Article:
The 81,000 Companies that Could Attack Clean Water Safeguards, Green Energy Policies and Wall Street Reforms
A “trade” deal only in name, the controversial Transatlantic Trade and Investment Partnership would grant foreign firms the power to directly attack domestic health, financial, environmental and other public interest policies that they view as undermining new foreign investor privileges and rights that TTIP would establish. TTIP would empower individual foreign corporations to drag the U.S. and European Union (EU) governments before extrajudicial tribunals, comprised of three private attorneys, that would be authorized to order unlimited taxpayer compensation for domestic policies or government actions seen as frustrating the corporations’ “expectations.” The amount would be based on the “expected future profits” the tribunal surmises that the corporation would have earned in the absence of the public policy it is attacking.
This extreme “investor-state” system already has been included in a series of U.S. “free trade” agreements, forcing taxpayers to hand more than $475 million to corporations for toxics bans, land-use rules, regulatory permits, water and timber policies and more. Just under U.S. pacts, more than $58 billion remains pending in corporate claims against medicine patent policies, pollution cleanup requirements, climate and energy laws, and other public interest polices. The EU is proposing for TTIP an even more radical version of investor privileges than that found in past U.S. pacts.
TTIP would triple the United States’ exposure to investor-state attacks against U.S. policies. TTIP would newly empower more than 3,500 EU parent corporations, which own more than 26,000 U.S. subsidiaries, to launch investor-state cases against the U.S. government. A mere 18 EU parent corporations currently have that power under existing U.S. pacts. Even if you count all corporations in all countries covered by U.S. investor-state pacts, the combined number of firms that can currently launch investor-state cases against the U.S. government is about 1,300 firms (which own about 10,000 U.S. subsidiaries). In one fell swoop,TTIP would roughly triple U.S. investor-state liability.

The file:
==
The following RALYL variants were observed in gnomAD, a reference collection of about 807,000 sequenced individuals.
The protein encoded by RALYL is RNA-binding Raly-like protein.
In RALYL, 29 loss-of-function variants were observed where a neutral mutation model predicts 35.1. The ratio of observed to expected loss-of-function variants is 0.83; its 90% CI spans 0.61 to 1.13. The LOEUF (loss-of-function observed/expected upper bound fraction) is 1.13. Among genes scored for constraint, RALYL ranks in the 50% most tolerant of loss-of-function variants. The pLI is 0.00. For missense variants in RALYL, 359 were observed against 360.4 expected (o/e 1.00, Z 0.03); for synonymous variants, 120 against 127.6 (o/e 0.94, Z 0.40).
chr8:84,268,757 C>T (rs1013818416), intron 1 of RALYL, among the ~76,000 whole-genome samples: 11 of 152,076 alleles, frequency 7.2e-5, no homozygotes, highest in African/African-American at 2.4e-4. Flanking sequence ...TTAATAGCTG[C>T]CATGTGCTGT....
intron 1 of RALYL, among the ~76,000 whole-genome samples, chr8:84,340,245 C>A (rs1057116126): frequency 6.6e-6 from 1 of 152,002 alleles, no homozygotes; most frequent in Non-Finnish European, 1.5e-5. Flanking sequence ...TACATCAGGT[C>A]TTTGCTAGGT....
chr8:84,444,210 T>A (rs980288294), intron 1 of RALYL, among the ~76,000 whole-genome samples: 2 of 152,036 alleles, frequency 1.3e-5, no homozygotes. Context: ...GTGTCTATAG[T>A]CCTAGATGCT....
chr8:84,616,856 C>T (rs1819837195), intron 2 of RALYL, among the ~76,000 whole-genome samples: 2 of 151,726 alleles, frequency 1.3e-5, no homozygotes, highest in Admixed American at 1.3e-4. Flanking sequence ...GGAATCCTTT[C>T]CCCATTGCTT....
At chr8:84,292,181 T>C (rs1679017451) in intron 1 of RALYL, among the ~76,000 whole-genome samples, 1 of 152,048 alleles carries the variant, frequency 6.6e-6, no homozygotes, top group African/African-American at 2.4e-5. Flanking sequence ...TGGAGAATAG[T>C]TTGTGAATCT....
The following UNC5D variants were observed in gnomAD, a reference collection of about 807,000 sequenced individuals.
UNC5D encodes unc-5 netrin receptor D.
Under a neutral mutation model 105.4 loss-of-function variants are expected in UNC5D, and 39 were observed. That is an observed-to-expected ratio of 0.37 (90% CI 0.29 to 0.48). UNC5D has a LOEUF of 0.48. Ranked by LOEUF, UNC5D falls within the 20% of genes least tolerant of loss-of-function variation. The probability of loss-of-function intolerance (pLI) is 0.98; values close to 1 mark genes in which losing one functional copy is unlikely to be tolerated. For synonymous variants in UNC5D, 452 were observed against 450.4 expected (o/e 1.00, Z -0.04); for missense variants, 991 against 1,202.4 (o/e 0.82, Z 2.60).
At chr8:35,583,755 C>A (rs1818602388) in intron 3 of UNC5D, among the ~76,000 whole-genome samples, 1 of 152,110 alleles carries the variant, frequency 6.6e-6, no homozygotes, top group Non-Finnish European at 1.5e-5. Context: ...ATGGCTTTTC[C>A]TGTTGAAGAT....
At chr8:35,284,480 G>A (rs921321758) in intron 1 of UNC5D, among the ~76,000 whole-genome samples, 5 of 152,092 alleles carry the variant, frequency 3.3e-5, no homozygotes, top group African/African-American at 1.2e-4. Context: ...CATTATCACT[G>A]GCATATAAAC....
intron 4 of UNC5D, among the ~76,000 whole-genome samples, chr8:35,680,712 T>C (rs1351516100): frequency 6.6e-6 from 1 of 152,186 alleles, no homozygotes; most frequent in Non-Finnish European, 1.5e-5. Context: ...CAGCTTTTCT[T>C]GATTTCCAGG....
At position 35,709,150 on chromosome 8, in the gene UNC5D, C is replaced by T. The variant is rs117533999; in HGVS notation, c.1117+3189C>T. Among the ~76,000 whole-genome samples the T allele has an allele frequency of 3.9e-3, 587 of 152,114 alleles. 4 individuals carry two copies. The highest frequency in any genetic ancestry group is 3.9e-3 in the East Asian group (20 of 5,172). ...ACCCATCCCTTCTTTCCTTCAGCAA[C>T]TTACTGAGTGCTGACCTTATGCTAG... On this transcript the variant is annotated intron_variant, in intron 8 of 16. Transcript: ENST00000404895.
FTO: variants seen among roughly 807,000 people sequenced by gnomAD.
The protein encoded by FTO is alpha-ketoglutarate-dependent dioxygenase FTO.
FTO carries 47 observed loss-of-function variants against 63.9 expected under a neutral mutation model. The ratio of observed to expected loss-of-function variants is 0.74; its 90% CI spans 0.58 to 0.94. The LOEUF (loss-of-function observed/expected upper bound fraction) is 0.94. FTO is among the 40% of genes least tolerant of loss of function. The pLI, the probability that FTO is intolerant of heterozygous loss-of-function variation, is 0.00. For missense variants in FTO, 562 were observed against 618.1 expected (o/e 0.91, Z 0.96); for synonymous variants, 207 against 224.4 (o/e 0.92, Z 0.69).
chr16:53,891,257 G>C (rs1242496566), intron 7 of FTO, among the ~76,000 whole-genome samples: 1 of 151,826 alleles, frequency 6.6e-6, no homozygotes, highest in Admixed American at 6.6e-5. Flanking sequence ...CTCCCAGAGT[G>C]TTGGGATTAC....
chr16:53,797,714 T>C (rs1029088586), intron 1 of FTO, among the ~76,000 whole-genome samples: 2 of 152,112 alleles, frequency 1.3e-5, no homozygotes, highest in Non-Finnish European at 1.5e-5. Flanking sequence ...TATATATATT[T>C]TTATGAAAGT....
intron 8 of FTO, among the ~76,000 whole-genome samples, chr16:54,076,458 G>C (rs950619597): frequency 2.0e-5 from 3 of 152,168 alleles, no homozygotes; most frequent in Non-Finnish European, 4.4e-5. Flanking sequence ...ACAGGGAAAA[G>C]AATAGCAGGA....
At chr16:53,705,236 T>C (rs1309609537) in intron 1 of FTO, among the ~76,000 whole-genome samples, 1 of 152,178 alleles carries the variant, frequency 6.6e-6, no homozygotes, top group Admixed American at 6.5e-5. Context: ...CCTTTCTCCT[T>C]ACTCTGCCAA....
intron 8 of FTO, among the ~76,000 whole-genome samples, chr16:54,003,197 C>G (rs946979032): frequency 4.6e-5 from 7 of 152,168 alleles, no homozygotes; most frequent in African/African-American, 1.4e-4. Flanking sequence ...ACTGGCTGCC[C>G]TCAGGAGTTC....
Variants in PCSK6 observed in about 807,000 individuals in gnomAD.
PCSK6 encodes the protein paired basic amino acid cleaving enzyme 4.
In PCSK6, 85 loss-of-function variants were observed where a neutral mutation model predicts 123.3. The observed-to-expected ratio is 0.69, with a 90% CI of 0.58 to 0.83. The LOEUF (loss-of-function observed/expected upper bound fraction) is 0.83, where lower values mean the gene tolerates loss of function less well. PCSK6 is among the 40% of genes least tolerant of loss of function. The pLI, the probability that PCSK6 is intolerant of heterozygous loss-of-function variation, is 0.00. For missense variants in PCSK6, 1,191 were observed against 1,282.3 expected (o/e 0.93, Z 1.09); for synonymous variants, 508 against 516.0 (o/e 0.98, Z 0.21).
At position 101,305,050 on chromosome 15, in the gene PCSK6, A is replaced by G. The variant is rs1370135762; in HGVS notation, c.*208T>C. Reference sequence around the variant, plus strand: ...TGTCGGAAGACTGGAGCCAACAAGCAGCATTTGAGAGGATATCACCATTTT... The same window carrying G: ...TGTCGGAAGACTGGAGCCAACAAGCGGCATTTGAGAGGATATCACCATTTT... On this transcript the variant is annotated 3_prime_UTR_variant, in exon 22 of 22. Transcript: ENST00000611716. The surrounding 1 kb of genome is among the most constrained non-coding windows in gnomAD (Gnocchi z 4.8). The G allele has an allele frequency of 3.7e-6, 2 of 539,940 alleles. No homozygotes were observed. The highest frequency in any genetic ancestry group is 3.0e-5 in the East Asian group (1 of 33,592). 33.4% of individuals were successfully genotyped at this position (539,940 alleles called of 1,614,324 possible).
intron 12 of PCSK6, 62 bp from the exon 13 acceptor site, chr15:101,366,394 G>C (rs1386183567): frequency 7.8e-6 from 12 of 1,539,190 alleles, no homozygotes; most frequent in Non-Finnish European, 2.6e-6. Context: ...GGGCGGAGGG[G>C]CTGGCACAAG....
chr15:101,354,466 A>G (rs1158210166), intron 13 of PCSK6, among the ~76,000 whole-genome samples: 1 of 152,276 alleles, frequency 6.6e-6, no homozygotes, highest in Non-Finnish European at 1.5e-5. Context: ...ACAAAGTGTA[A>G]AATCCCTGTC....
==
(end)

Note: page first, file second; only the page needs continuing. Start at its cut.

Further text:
TTIP would also expose the EU to a potential wave of investor-state cases from any of the more than 19,000 U.S.-based corporations that own more than 54,000 subsidiaries in the EU. About nine out of ten of these corporations would by newly empowered by TTIP to launch investor-state cases against EU governments.
Below are the maps of the locations of multinational corporations that would get these new privileges if TTIP would take effect. Zoom in using the “+” button to see which corporations could challenge zoning, environmental and other local policies in your community. Click on the dots to see the names of the corporations and their industry. The color of the marker indicates the country of the parent company. The red lines on the map are the borders of the districts of the U.S. House of Representatives. Click here for a full list of companies based in EU countries that operate in the United States, sorted by congressional district.
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Below is a map of U.S. corporations operating in EU countries that would gain greater rights than domestic firms under TTIP. Zoom into a specific country by double clicking on the map to view the corporations located there.
Most TTIP countries have hundreds of foreign corporate affiliates that would gain new rights under the deal’s expansion of the investor-state system. The table below lists the number of U.S.-owned firms in each EU country and the total number of firms in the United States owned by corporations in EU countries. The EU countries already covered by U.S. investor-state pacts include: Bulgaria, Croatia, the Czech Republic, Estonia, Latvia, Lithuania, Poland, Romania, and Slovakia. Corporations in those countries own just 33 of the 27,124 U.S. subsidiaries listed below.
Number of U.S. Corporations in EU Countries &
This table indicates, for example, that 907 U.S. corporate affiliates are established in Austria, while 27,124 corporate affiliates from EU countries are established in the United States.
The source of much of the information in the maps is Uniworld’s foreign firms database.